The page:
The discovery phase of US civil litigations involves the exchange of information between the parties and, if necessary, obtaining information from third parties, that might later be used as evidence at trial. After service of the complaint is completed, the parties must prepare a proposed discovery plan for submission to the court. Within 14 days after the discovery plan, all parties must make initial disclosures (without awaiting discovery requests) that identify the names and contact information for likely witnesses, copies of documents upon which the party will use to support its claims or defences, a calculation of damages and any insurance agreements. In most circumstances, the court will hold a scheduling conference within 90 days of service of the complaint and as soon as practicable the court will issue a scheduling order that limits the time to join other parties, amend the pleadings, complete discovery and file motions. The period for conducting discovery varies widely, but in complex patent infringement cases, fact discovery may last for about a year and expert discovery for an additional six months. Fact discovery includes the exchange of documents and inspection of equipment, interrogatories (written answers to questions from the opposing party), and depositions (out-of-court sworn oral testimony of a witness that is transcribed by a court reporter for possible later use at trial). Expert discovery includes the exchange of written reports disclosing all facts and opinions that an expert witness intends to rely upon at trial, followed by deposition of the experts. Discovery is often the most expensive phase of patent litigation. Parties may move for a protective order limiting discovery requests that are irrelevant or where the burden or expense of producing the evidence outweighs its likely benefit. Parties also sometimes agree to forego certain types of discovery owing to expense.iv Patent claim interpretation
In 1996, the Supreme Court held in Markman v. Westview that the interpretation of patent claims is a legal issue for judges to decide and does not require jury consideration. Many judges now conduct Markman hearings early in the procedural schedule. Following the US Court of Appeals for the Federal Circuit's guidance, trial courts consider the evidence of proper claim interpretation in the following order of importance: first, the intrinsic evidence, including the claims, specification and the prosecution history and, then (optionally), extrinsic sources such as dictionaries and expert testimony. Based on the hearing, the judge may issue an order construing (interpreting) the patent claims at issue. The resolution of patent claim interpretation disputes relatively early in the proceedings often provides a basis for settlement or summary motions regarding infringement or validity issues.v Summary judgment motions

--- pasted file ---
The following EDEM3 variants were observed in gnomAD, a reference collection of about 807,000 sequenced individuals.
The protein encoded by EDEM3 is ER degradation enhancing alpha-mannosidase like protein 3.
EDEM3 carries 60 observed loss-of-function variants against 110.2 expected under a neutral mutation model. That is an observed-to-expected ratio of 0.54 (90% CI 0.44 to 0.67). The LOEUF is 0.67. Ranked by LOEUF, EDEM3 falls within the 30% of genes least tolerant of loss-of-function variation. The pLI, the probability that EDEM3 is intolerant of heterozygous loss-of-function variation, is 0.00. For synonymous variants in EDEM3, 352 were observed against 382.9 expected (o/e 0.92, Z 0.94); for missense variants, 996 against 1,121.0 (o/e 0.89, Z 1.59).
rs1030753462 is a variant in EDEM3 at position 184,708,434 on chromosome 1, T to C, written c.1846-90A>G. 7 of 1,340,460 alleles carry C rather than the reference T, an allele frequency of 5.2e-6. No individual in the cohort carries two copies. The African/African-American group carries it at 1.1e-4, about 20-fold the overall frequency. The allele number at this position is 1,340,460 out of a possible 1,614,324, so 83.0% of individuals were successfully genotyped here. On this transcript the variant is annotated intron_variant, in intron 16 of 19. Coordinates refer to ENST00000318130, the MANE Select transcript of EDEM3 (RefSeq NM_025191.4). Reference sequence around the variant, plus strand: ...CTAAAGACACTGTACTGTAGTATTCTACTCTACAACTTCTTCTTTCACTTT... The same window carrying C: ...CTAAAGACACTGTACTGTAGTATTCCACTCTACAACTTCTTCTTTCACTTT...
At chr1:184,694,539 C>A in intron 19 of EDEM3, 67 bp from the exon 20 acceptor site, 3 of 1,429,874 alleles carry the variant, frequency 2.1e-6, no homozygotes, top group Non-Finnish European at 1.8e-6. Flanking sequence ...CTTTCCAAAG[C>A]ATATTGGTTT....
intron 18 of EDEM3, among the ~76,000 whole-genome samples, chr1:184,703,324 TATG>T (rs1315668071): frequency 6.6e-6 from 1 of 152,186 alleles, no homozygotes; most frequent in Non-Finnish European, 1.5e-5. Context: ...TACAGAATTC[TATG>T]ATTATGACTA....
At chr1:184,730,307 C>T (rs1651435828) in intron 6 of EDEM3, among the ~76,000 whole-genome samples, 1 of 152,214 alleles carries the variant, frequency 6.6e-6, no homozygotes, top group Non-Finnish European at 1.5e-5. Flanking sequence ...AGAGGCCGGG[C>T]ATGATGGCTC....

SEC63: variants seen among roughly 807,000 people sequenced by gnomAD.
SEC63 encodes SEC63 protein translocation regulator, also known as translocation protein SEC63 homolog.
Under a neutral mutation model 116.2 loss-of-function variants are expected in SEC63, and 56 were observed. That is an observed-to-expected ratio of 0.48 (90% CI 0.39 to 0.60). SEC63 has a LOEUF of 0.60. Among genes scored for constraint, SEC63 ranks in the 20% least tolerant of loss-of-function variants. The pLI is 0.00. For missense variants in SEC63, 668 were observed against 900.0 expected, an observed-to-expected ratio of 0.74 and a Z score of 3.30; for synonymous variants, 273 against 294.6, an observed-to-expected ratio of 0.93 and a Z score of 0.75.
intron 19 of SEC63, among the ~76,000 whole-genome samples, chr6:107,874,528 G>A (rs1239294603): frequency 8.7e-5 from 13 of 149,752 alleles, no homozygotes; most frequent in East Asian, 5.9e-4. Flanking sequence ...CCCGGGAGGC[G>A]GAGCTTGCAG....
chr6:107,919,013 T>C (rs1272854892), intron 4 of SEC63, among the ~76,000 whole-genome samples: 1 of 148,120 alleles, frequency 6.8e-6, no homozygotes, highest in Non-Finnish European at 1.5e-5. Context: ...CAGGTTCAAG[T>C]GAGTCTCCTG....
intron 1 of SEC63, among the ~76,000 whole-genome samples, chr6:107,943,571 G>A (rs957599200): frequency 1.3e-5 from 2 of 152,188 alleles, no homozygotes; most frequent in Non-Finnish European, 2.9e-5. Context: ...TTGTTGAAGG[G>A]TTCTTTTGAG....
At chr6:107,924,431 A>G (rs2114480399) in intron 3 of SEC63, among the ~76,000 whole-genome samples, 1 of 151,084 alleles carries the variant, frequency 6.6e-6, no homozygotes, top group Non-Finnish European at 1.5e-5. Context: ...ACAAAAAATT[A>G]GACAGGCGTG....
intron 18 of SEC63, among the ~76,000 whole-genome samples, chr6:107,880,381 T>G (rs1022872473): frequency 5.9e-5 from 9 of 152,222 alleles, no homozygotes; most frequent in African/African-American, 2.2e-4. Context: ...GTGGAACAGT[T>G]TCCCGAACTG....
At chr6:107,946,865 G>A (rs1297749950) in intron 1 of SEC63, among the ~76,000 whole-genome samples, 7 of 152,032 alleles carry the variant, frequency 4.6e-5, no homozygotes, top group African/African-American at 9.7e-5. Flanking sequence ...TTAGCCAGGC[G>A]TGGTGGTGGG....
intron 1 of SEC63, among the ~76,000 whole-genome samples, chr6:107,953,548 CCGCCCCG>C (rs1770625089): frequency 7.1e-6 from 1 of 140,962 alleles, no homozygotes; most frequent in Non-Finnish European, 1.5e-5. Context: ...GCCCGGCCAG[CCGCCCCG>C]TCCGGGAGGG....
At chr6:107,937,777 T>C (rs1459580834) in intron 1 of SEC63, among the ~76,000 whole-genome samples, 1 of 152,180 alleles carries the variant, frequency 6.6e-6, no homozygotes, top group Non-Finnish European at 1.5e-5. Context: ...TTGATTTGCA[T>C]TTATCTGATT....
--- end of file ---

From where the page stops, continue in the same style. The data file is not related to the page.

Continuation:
Any party may file a motion for summary judgment on issues where the facts are not in dispute and the judge can resolve the issue as a matter of law. After issuance of a Markman claim interpretation, infringement and invalidity issues may be ripe for summary motions. The success rates for summary motions are highly variable depending on the district. In 2017, patent owners obtained summary judgment 27 per cent of the time, while motions against patent owners were granted 25 per cent of the time. Since July 2014, 36 per cent of motions for summary judgment of invalidity for lack of patentability under 35 U.S.C. Section 101 have been successful in light of the Supreme Court's 2014 Alice ruling that 'abstract ideas' are not patentable.vi Trial
Although about 4,600 patent infringement complaints were filed in 2017, typically only about 3 per cent of those complaints culminate in a trial. Many cases are settled, some are resolved by summary judgment and others are withdrawn owing to lack of interest or litigation resources.
The median time to trial for patent cases in the US district courts is about 30 months. While some courts like the Eastern District of Virginia routinely proceed to trial in 12 months, most courts are slower and many individual cases are delayed (stayed) pending inter partes review (IPR) of the validity of the patent at the PTO. Courts vary widely in the rate at which they exercise their discretion to stay patent litigations pending an IPR; however, some studies indicate that up to 70–80 per cent of patent cases with a co-pending IPR validity challenge are stayed pending completion of the IPR proceeding.
Plaintiffs and defendants have a constitutionally guaranteed right to a jury trial, but upon agreement of both, a judge can decide in lieu of a jury. While a well-educated and experienced judge might more easily comprehend the complex technology at issue in many patent cases, about 80 per cent of patent infringement cases that go to trial are tried to a jury, probably because plaintiffs have generally obtained higher success rates and larger monetary damages before juries instead of judges.
Trials are formal hearings where witness testimony, documents and physical evidence are examined to resolve disputed issues of fact. The jury is then instructed by the judge on the applicable law in order to reach a verdict on the issues – typically, whether the patent is infringed by the accused device, whether the patent is valid and the appropriate monetary damages. Counsel for the parties play an active role in presenting evidence, including questioning the witnesses. Trials typically begin with counsel providing opening statements to foreshadow the evidence that will be presented, followed by testimony from fact and expert witnesses and typically ending with counsel providing a closing argument on how the evidence should be interpreted. The average duration of patent infringement trials is eight days.vii Post-trial proceedings
Jury verdicts can be challenged by motions for judgment as a matter of law (JMOL). Those motions ask the judge to consider whether the evidentiary record is sufficient to support the verdict of the jury. And if a defendant made a pre-verdict JMOL motion on damages, then that motion can be reasserted after the verdict. JMOL motions are often coupled with motions for a new trial and can result in significant reductions in damage liability.
The complexity of the technology and legal issues has led many judges and judicial districts to adopt special procedural rules for patent litigations – rules that are often further tailored for the special circumstances of individual cases.